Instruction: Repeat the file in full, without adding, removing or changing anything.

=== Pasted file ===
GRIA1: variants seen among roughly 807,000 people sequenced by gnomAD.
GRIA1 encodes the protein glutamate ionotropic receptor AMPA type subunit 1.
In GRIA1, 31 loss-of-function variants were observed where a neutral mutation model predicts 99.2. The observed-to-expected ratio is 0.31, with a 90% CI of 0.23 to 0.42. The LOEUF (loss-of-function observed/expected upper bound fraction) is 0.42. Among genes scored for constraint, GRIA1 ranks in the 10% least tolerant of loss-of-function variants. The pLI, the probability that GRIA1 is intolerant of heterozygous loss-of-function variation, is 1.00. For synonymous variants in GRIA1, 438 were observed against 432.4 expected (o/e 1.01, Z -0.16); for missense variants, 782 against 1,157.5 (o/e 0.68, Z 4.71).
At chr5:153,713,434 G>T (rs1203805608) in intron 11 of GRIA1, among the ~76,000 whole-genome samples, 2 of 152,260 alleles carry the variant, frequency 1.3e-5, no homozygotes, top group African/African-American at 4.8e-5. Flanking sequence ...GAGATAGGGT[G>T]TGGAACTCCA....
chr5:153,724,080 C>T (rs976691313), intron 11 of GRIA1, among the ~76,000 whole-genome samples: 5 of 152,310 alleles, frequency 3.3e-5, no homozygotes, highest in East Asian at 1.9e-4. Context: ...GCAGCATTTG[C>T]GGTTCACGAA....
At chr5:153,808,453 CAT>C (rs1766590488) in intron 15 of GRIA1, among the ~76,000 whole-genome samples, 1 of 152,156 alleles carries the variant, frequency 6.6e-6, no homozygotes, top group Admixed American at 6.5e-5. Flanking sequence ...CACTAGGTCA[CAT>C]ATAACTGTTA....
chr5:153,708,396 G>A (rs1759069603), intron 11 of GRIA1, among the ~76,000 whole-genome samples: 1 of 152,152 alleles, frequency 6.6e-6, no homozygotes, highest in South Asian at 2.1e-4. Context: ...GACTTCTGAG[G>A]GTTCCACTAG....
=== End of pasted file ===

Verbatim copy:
GRIA1: variants seen among roughly 807,000 people sequenced by gnomAD.
GRIA1 encodes the protein glutamate ionotropic receptor AMPA type subunit 1.
In GRIA1, 31 loss-of-function variants were observed where a neutral mutation model predicts 99.2. The observed-to-expected ratio is 0.31, with a 90% CI of 0.23 to 0.42. The LOEUF (loss-of-function observed/expected upper bound fraction) is 0.42. Among genes scored for constraint, GRIA1 ranks in the 10% least tolerant of loss-of-function variants. The pLI, the probability that GRIA1 is intolerant of heterozygous loss-of-function variation, is 1.00. For synonymous variants in GRIA1, 438 were observed against 432.4 expected (o/e 1.01, Z -0.16); for missense variants, 782 against 1,157.5 (o/e 0.68, Z 4.71).
At chr5:153,713,434 G>T (rs1203805608) in intron 11 of GRIA1, among the ~76,000 whole-genome samples, 2 of 152,260 alleles carry the variant, frequency 1.3e-5, no homozygotes, top group African/African-American at 4.8e-5. Flanking sequence ...GAGATAGGGT[G>T]TGGAACTCCA....
chr5:153,724,080 C>T (rs976691313), intron 11 of GRIA1, among the ~76,000 whole-genome samples: 5 of 152,310 alleles, frequency 3.3e-5, no homozygotes, highest in East Asian at 1.9e-4. Context: ...GCAGCATTTG[C>T]GGTTCACGAA....
At chr5:153,808,453 CAT>C (rs1766590488) in intron 15 of GRIA1, among the ~76,000 whole-genome samples, 1 of 152,156 alleles carries the variant, frequency 6.6e-6, no homozygotes, top group Admixed American at 6.5e-5. Flanking sequence ...CACTAGGTCA[CAT>C]ATAACTGTTA....
chr5:153,708,396 G>A (rs1759069603), intron 11 of GRIA1, among the ~76,000 whole-genome samples: 1 of 152,152 alleles, frequency 6.6e-6, no homozygotes, highest in South Asian at 2.1e-4. Context: ...GACTTCTGAG[G>A]GTTCCACTAG....